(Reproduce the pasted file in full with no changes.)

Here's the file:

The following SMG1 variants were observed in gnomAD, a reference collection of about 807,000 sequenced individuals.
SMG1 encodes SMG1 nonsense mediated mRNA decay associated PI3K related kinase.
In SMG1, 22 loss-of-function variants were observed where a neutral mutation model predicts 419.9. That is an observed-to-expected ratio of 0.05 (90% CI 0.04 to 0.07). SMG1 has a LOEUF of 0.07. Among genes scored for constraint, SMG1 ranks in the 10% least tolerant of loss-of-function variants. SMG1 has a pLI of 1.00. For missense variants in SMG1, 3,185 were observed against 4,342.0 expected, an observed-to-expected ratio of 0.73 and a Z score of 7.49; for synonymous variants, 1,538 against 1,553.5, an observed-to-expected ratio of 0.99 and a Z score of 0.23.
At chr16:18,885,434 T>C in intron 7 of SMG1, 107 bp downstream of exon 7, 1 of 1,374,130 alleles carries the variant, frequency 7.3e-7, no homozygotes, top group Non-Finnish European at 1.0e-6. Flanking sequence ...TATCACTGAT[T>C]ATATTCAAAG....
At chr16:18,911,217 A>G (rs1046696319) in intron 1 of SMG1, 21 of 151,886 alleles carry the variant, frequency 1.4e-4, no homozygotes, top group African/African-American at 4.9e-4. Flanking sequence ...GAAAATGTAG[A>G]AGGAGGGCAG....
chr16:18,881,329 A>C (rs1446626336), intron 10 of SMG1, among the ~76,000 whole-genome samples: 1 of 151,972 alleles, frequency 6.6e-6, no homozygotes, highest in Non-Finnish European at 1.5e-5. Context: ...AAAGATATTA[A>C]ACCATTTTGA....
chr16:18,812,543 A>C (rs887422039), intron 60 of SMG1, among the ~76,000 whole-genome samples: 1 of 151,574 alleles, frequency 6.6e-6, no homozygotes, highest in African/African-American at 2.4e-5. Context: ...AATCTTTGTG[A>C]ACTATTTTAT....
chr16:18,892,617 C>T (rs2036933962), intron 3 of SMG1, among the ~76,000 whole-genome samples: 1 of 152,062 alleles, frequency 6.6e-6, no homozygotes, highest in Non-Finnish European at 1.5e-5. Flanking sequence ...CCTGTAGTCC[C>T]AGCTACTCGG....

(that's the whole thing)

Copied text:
The following SMG1 variants were observed in gnomAD, a reference collection of about 807,000 sequenced individuals.
SMG1 encodes SMG1 nonsense mediated mRNA decay associated PI3K related kinase.
In SMG1, 22 loss-of-function variants were observed where a neutral mutation model predicts 419.9. That is an observed-to-expected ratio of 0.05 (90% CI 0.04 to 0.07). SMG1 has a LOEUF of 0.07. Among genes scored for constraint, SMG1 ranks in the 10% least tolerant of loss-of-function variants. SMG1 has a pLI of 1.00. For missense variants in SMG1, 3,185 were observed against 4,342.0 expected, an observed-to-expected ratio of 0.73 and a Z score of 7.49; for synonymous variants, 1,538 against 1,553.5, an observed-to-expected ratio of 0.99 and a Z score of 0.23.
At chr16:18,885,434 T>C in intron 7 of SMG1, 107 bp downstream of exon 7, 1 of 1,374,130 alleles carries the variant, frequency 7.3e-7, no homozygotes, top group Non-Finnish European at 1.0e-6. Flanking sequence ...TATCACTGAT[T>C]ATATTCAAAG....
At chr16:18,911,217 A>G (rs1046696319) in intron 1 of SMG1, 21 of 151,886 alleles carry the variant, frequency 1.4e-4, no homozygotes, top group African/African-American at 4.9e-4. Flanking sequence ...GAAAATGTAG[A>G]AGGAGGGCAG....
chr16:18,881,329 A>C (rs1446626336), intron 10 of SMG1, among the ~76,000 whole-genome samples: 1 of 151,972 alleles, frequency 6.6e-6, no homozygotes, highest in Non-Finnish European at 1.5e-5. Context: ...AAAGATATTA[A>C]ACCATTTTGA....
chr16:18,812,543 A>C (rs887422039), intron 60 of SMG1, among the ~76,000 whole-genome samples: 1 of 151,574 alleles, frequency 6.6e-6, no homozygotes, highest in African/African-American at 2.4e-5. Context: ...AATCTTTGTG[A>C]ACTATTTTAT....
chr16:18,892,617 C>T (rs2036933962), intron 3 of SMG1, among the ~76,000 whole-genome samples: 1 of 152,062 alleles, frequency 6.6e-6, no homozygotes, highest in Non-Finnish European at 1.5e-5. Flanking sequence ...CCTGTAGTCC[C>T]AGCTACTCGG....